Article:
“Managing all the forests everywhere we can does not stop climate change — and those that deny that are definitely contributing to the tragedy,’’ Brown said. “The chickens are coming home to roost. This is real here.” He advised that governments and officials need to be “pulling together in these tragic circumstances and thinking wisely,’’ while being “collaborative.’’

Brown’s comments came at the site of a state operations center coordinating the response to three major fires in Butte County, as well as Ventura and Los Angeles counties, which have destroyed over 6,700 structures and forced the evacuation nearly 150,000 residents, with 25 dead and 100 still missing. More than 3,000 firefighters from seven states were battling the blazes whipped up by winds as high as 40 mph in some regions Sunday, officials said.
Firefighters take pictures.

Firefighters take pictures of fire retardant dropped on a burning hillside on Sunday in Malibu, Calif. | Jae C. Hong/AP Photo

Trump’s tweet Saturday — widely criticized by state officials — underscored the president’s historically caustic relationship with solidly blue California and its Democratic leaders on issues ranging from climate change to water policy and immigration. In August, Trump criticized California wildfire management and threatened to cut off federal aid, inaccurately suggesting that the state was allowing millions of gallons of water to flow to the sea rather than using the water for fighting fires.

The president, who polls show is historically unpopular in the state, has called Brown “Moonbeam,’’ slamming the governor’s position to limit the role of National Guard troops along the border with Mexico. His latest tweets also came during the same week Republicans suffered big losses in the midterm elections, which could end up with the state’s GOP caucus in the House withering to eight out of 53 members when the full vote count is finished. During the election cycle, the president also jabbed at Lt. Gov. Gavin Newsom, calling him a “clown” as he endorsed Newsom’s unsuccessful Republican rival, John Cox, for governor.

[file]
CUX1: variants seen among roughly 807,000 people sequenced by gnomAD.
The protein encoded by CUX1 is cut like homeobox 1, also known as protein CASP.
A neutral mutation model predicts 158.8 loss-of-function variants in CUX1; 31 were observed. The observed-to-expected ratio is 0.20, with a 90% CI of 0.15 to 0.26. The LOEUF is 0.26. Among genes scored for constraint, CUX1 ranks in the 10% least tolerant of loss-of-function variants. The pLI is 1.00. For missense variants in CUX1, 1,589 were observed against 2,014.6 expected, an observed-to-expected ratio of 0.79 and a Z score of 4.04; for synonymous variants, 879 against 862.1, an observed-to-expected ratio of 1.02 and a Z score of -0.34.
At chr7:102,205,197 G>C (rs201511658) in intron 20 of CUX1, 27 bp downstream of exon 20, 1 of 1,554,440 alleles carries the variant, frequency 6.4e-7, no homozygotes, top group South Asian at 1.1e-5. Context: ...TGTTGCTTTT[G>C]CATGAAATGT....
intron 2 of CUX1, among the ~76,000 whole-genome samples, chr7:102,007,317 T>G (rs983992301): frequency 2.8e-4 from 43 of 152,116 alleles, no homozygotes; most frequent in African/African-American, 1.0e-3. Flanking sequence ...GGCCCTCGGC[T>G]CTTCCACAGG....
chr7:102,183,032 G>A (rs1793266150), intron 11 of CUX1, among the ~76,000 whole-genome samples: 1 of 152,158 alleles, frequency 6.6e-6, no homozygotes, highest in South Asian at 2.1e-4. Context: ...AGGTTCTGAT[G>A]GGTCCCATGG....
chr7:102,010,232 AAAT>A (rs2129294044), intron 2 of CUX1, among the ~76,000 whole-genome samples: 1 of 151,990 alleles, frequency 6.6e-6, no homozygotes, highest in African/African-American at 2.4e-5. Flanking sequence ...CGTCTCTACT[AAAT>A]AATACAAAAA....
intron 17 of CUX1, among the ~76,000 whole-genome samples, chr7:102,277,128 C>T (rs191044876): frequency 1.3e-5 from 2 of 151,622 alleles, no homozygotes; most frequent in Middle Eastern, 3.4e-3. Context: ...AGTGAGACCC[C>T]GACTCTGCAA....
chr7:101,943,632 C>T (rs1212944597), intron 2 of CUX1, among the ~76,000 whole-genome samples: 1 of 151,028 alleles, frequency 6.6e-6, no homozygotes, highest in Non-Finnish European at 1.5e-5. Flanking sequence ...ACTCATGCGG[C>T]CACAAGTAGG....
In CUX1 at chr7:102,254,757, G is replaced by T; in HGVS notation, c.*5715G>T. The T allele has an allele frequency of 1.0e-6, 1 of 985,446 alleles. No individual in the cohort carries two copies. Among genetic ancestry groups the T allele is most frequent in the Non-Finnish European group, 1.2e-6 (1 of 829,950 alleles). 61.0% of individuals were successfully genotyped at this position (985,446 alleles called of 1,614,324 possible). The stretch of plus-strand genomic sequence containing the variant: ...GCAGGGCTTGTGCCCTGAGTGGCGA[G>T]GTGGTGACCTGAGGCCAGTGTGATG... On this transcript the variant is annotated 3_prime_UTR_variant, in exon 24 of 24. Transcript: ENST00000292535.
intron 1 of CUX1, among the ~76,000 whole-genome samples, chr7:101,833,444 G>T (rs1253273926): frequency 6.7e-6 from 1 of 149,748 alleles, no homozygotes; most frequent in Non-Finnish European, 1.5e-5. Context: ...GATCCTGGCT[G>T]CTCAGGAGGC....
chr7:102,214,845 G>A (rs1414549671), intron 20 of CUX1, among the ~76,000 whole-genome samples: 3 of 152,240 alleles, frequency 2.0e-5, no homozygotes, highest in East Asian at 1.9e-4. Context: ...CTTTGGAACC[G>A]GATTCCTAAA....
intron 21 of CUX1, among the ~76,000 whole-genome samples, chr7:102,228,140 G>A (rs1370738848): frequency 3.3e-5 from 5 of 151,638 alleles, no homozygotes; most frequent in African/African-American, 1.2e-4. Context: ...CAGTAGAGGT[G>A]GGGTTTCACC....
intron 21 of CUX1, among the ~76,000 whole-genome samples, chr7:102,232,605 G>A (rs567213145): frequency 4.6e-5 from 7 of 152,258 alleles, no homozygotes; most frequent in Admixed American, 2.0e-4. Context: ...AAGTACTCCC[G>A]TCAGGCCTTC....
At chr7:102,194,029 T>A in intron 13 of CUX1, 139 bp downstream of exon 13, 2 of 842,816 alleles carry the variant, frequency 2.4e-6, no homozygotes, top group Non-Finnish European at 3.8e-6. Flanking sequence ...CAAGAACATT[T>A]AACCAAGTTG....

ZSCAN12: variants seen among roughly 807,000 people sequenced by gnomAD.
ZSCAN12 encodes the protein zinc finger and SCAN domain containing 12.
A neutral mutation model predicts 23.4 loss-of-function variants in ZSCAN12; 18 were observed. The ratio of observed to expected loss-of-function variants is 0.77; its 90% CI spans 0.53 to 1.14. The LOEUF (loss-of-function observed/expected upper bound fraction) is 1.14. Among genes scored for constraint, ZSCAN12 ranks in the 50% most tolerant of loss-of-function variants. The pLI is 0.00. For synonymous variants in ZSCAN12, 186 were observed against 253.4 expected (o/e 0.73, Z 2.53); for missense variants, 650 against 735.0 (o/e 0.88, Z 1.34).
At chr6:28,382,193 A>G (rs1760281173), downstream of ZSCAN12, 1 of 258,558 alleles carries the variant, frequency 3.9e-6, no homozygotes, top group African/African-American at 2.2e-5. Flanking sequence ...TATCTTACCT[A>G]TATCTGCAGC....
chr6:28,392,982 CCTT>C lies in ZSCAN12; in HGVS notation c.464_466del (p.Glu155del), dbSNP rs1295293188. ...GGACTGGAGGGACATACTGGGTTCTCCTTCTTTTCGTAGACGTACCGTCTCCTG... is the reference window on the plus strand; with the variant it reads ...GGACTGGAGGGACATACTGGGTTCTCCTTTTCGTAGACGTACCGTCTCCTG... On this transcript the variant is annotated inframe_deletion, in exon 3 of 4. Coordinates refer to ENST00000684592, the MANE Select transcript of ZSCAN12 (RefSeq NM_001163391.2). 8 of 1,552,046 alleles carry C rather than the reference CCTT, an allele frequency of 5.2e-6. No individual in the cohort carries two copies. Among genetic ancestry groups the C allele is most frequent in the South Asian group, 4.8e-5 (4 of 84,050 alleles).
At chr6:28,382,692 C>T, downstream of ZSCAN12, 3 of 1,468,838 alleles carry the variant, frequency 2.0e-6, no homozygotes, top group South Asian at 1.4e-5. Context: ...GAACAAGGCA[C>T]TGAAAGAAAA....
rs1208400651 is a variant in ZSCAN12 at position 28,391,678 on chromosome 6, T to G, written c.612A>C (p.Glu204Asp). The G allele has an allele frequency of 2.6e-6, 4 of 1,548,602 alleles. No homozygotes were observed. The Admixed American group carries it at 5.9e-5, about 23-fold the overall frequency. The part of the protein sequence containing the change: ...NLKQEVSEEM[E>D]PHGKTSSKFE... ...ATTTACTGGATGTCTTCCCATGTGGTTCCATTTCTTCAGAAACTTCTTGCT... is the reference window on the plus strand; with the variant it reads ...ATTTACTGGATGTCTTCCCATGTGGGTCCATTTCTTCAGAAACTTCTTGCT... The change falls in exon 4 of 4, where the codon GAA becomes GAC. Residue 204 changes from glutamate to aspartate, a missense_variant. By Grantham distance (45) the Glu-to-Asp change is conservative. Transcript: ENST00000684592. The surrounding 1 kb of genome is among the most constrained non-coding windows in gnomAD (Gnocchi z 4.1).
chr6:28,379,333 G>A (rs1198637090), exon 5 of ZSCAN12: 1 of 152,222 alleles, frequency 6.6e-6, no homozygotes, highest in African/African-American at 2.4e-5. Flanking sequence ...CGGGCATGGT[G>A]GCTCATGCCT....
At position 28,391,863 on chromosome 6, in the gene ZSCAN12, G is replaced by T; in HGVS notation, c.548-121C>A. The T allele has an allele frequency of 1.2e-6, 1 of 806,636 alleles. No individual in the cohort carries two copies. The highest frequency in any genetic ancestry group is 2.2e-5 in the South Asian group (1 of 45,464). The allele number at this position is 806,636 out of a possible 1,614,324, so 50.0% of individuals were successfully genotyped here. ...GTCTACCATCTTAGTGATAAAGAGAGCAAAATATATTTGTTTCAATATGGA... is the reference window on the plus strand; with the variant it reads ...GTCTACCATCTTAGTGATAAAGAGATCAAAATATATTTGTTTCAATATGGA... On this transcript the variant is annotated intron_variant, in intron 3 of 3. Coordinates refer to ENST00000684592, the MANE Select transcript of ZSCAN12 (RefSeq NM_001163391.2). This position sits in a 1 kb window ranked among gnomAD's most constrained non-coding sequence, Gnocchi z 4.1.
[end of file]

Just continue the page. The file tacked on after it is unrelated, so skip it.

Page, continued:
Trump did later appear to soften his message, acknowledging the loss of lives and the round-the-clock work of first responders, saying, “God bless them.” But that did not appear to mollify state officials, who pushed back angrily against his attempts to blame mismanagement for the firestorms.

Brown, in a statement issued Sunday, said: “We have the best firefighters and first responders in the country working in some of the most difficult conditions imaginable. We’re putting everything we’ve got into the fight against these fires and this request ensures communities on the front lines get additional federal aid.’’

“To those who have lost friends and family members, homes and businesses, know that the entire state is with you,’’ he said. “As Californians, we are strong and resilient, and together we will recover.”
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Trump’s critical comments over the weekend sparked a blistering response from Brian Rice, head of the 30,000-member California Professional Firefighters organization, who called the president’s attack “ill-informed, ill-timed and demeaning to victims and to our firefighters on the front lines.”

Rice directly refuted Trump’s assertion of mismanagement as “dangerously wrong,’’ noting in a statement that “nearly 60 percent of California forests are under federal management, and another one-third under private control.’’ He charged that “it is the federal government that has chosen to divert resources away from forest management, not California.”

Brown’s spokesman, Evan Westrup, reacting to Trump in a statement, said, “Our focus is on the Californians impacted by these fires and the first responders and firefighters working around the clock to save lives and property — not on the president’s inane, uninformed tweets.”